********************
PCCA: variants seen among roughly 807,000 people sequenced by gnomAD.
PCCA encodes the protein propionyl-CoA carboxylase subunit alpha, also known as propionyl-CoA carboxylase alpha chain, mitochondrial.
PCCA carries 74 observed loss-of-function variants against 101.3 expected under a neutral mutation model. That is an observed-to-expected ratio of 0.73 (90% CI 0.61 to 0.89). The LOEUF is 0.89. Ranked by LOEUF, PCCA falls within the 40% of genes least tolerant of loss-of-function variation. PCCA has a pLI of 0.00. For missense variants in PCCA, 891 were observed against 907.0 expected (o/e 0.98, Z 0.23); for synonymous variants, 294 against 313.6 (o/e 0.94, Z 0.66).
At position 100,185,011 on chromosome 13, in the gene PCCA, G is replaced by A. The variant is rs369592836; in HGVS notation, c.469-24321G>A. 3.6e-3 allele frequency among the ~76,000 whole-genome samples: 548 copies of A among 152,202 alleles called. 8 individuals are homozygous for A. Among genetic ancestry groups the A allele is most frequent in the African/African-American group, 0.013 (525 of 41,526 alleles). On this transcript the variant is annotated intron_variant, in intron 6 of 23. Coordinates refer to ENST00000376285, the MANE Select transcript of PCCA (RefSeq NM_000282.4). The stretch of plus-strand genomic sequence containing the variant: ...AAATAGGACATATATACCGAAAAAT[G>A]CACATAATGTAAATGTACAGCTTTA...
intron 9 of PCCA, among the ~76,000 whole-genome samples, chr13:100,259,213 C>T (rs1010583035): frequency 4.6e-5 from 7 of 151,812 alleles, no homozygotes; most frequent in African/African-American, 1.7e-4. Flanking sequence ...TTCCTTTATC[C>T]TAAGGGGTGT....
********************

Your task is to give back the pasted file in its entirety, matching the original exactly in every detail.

PCCA: variants seen among roughly 807,000 people sequenced by gnomAD.
PCCA encodes the protein propionyl-CoA carboxylase subunit alpha, also known as propionyl-CoA carboxylase alpha chain, mitochondrial.
PCCA carries 74 observed loss-of-function variants against 101.3 expected under a neutral mutation model. That is an observed-to-expected ratio of 0.73 (90% CI 0.61 to 0.89). The LOEUF is 0.89. Ranked by LOEUF, PCCA falls within the 40% of genes least tolerant of loss-of-function variation. PCCA has a pLI of 0.00. For missense variants in PCCA, 891 were observed against 907.0 expected (o/e 0.98, Z 0.23); for synonymous variants, 294 against 313.6 (o/e 0.94, Z 0.66).
At position 100,185,011 on chromosome 13, in the gene PCCA, G is replaced by A. The variant is rs369592836; in HGVS notation, c.469-24321G>A. 3.6e-3 allele frequency among the ~76,000 whole-genome samples: 548 copies of A among 152,202 alleles called. 8 individuals are homozygous for A. Among genetic ancestry groups the A allele is most frequent in the African/African-American group, 0.013 (525 of 41,526 alleles). On this transcript the variant is annotated intron_variant, in intron 6 of 23. Coordinates refer to ENST00000376285, the MANE Select transcript of PCCA (RefSeq NM_000282.4). The stretch of plus-strand genomic sequence containing the variant: ...AAATAGGACATATATACCGAAAAAT[G>A]CACATAATGTAAATGTACAGCTTTA...
intron 9 of PCCA, among the ~76,000 whole-genome samples, chr13:100,259,213 C>T (rs1010583035): frequency 4.6e-5 from 7 of 151,812 alleles, no homozygotes; most frequent in African/African-American, 1.7e-4. Flanking sequence ...TTCCTTTATC[C>T]TAAGGGGTGT....